Sharing: Ideal and material cheek to cheek

Xinhua | Updated: 2017-03-29 16:04

Sharing: Ideal and material cheek to cheek

A worker assembles ofo bike tires in Flying Pigeon bicycle's manufacturing factory on Feb 21, 2017, in Tianjin. [Photo/Xinhua]

BEIJING - It was the must have item for venture capitalists - a portfolio containing Chinese web startups. Now, the tides have turned and the next big thing appears to be the sharing economy.

Yet, as investors rush to secure a stake in this new investment opportunity du jour, questions remain about the maturity and sustainability of the sharing economy as a whole.

Booming business

Sharing - whether bicycles, automobiles, property or any other assets - has become popular in many of China's urban areas, as people seek to make their lives easier and save resources.

A recent report showed that about 600 million Chinese people were involved in sharing of some kind in 2016, which means almost half the population of China is involved in some way.

The trading volume of the sharing economy more than doubled year on year to 3.45 trillion yuan ($500 billion) last year, according to a report released by the State Information Center.

The sharing economy will grow at an average annual rate of 40 percent over the next few years and will account for more than 10 percent of the country's GDP by 2020, the report predicted.

Attracted by the huge market potential, capital has been thrown at sectors such as bike-sharing. More than 12 billion yuan was spent on the two-wheeled craze in the past six months, Shanghai-based private-equity firm Yuan Pu Investment estimates.

As a result, the whole industrial chain has felt the benefits from best-known brands, medium-sized factories and small businesses.

Online consulting firm iResearch said that Mobike, a bike-sharing company, had 7.693 million weekly active users from February 20 to 26.

China's bike-sharers are now looking to expand overseas.

On March 21, Mobike launched in Singapore its first office outside China; on the same day, ofo, another major Chinese player, also introduced geared bicycles to the streets of the city state.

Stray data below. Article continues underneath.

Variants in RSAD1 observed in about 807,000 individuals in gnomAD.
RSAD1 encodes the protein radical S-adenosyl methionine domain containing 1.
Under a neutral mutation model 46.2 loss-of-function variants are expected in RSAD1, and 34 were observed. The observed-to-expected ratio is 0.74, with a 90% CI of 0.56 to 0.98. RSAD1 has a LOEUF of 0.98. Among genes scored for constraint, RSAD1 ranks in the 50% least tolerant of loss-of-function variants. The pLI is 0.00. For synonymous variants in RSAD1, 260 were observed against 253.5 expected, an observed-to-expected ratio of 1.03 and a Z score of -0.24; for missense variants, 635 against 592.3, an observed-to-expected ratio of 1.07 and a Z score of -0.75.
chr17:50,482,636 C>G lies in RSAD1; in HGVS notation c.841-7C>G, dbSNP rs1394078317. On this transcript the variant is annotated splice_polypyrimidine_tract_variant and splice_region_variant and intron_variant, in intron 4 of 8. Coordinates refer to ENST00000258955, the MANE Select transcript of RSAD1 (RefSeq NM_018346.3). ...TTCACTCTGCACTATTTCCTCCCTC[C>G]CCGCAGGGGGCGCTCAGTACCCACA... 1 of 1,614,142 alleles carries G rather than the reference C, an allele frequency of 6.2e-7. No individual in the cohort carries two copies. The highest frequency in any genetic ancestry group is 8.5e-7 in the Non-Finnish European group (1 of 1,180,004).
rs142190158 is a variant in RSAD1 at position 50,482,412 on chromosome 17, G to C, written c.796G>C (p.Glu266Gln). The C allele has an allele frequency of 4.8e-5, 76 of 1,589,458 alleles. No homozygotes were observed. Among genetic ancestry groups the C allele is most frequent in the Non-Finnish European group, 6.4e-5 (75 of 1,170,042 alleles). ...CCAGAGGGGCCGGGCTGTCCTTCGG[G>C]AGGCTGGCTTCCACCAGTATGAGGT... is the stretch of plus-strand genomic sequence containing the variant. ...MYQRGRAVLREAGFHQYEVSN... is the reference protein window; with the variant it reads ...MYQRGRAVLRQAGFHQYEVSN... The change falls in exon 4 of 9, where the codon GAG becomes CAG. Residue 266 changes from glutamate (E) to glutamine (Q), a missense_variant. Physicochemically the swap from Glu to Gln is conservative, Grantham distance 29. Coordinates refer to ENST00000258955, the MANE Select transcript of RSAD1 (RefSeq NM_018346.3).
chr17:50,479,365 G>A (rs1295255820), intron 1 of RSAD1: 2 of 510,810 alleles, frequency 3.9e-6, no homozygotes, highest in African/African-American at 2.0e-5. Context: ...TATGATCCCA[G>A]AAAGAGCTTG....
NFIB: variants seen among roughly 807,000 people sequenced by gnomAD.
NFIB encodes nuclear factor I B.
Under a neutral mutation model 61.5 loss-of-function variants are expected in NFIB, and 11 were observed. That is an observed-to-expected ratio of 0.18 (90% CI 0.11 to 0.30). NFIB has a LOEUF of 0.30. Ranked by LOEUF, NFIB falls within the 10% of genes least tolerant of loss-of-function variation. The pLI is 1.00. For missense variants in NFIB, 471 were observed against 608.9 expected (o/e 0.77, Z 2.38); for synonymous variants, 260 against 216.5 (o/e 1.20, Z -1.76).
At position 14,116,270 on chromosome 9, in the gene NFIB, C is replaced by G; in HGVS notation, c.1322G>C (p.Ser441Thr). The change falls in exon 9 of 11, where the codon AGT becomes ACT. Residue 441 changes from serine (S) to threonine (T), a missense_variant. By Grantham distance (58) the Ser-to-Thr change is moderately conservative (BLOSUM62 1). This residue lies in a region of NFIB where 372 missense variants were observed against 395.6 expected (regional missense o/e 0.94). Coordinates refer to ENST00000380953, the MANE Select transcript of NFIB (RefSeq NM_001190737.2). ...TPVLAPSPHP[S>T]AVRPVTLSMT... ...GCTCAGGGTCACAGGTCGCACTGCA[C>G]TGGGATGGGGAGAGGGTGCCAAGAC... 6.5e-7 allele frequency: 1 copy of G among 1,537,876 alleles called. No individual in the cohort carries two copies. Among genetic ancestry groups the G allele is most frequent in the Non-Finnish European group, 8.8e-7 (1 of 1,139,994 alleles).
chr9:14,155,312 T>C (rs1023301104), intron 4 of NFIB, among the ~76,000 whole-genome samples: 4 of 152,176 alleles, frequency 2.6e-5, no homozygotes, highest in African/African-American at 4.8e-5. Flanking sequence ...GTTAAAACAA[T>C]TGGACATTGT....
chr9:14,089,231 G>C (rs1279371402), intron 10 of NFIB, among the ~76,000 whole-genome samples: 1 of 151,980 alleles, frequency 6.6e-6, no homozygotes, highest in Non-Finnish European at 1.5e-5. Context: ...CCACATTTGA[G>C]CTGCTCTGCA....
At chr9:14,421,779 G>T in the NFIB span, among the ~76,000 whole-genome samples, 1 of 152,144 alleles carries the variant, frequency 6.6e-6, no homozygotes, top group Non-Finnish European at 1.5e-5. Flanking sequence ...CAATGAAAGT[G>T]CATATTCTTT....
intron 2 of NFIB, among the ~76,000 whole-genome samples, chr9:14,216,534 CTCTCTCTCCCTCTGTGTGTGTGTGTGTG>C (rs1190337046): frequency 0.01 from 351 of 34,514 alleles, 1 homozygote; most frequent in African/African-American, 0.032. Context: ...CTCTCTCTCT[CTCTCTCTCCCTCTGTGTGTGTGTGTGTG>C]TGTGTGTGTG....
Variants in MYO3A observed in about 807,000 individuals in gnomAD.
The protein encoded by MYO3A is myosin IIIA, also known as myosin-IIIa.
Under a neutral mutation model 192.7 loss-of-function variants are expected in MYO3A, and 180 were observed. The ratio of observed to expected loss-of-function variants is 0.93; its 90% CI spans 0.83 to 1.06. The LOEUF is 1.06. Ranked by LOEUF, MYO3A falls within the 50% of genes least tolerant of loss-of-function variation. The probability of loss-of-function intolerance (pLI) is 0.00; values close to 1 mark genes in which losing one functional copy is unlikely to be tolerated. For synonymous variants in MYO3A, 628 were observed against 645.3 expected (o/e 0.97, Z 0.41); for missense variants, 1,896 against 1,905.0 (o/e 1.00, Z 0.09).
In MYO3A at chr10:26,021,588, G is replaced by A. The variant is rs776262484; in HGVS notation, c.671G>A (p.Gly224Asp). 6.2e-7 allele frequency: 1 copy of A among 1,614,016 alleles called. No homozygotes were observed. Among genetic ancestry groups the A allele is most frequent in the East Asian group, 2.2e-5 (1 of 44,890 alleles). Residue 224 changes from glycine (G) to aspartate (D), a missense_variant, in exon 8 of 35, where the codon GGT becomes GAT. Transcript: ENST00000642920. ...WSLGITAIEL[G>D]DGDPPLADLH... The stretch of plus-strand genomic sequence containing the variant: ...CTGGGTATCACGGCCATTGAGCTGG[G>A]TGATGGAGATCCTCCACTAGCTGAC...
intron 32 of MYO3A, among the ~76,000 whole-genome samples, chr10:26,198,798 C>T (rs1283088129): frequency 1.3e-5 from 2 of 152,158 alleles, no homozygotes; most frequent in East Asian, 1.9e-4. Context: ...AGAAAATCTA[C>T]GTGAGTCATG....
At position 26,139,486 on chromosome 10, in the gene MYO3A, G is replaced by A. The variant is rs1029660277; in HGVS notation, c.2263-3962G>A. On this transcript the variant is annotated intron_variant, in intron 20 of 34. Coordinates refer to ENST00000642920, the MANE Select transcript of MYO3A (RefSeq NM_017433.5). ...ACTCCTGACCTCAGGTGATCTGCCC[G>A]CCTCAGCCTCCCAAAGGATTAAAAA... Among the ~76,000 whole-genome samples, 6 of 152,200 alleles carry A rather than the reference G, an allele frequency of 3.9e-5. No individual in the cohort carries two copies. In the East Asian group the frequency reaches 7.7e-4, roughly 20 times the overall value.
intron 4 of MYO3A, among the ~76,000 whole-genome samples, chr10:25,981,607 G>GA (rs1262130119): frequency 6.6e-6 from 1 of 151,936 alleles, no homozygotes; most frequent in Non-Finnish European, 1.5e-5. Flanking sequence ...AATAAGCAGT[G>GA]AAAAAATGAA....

Plight and prospect

The benefits of sharing are obvious both economically and environmentally. The emerging business model, however, is not without controversy due to the questionable usage and disposal of shared assets as well as divergent experiences of market players.

For bike sellers, the prospects seem to be mixed. Sellers focusing on sports and racing bicycles are happy that bike-sharing is promoting healthier lifestyles, but thousands of other retailers are worried about how they will struggle in the fast-changing market.

Failure and a lack of regulations co-exist in China's booming bike-sharing market, said Gao Peng, a researcher with the Society of Public Finance.

"The sharing economy functions in a legislative and supervisory grey area," said Chen Chi, CEO of a Beijing-based accommodation-sharing firm, much like AirBnB.

"If a person shares his or her house, which law regulates the transaction and which institution supervises? Currently, these questions are unanswered," he said.

Tian Hongqi, vice president of the Chinese Academy of Engineering, said that as sharing businesses were new in China there were teething issues, concerning credit and information infrastructure.

One of the effective measures to tackle these problems, Tian suggested, would be a unified system where all credit information could be referenced and shared.

Another approach would be to establish a credit service and rating system for users, Tian added.

Following customer complaints, bicycle associations in China produced a draft guideline last Thursday to regulate the industry.

Led by bicycle associations in Shanghai and Tianjin, the draft has solicited advice from China's major bicycle manufacturers and bike-sharing companies including Mobike and ofo. It comprises standards on the production, operation and maintenance of shared bikes.

More than business

Sharing has won the support of the public and more and more industries are exploring how to apply the model to their businesses. There needs to be a sound relationship between online platforms, enterprises and government sectors, to encourage innovation.

"We will continue to support and guide the development of the sharing economy to enable greater efficiency and convenience to our people," said the Report on the Work of the Government, issued earlier this month.

The government will formulate regulations that encourage innovation and will be both tolerant and prudent, the report read.

Sharing, more than a money making endeavor, is also important for global governance in the eyes of Chinese leaders.

China has established a global web of partnerships, providing a favorable external environment and strategic support for China's development, Foreign Minister Wang Yi has noted.

Meanwhile, the country has made impressive efforts to promote inclusive development, helping countries, especially the developing ones, to share the fruits of development.

The Belt and Road Initiative, for example, will mark a new chapter of openness and win-win cooperation around the globe.

In a word, sharing, on whatever level, will test wisdom and accountability of all those involved.

Copyright 1995 - . All rights reserved. The content (including but not limited to text, photo, multimedia information, etc) published in this site belongs to China Daily Information Co (CDIC). Without written authorization from CDIC, such content shall not be republished or used in any form. Note: Browsers with 1024*768 or higher resolution are suggested for this site.
License for publishing multimedia online 0108263

Registration Number: 130349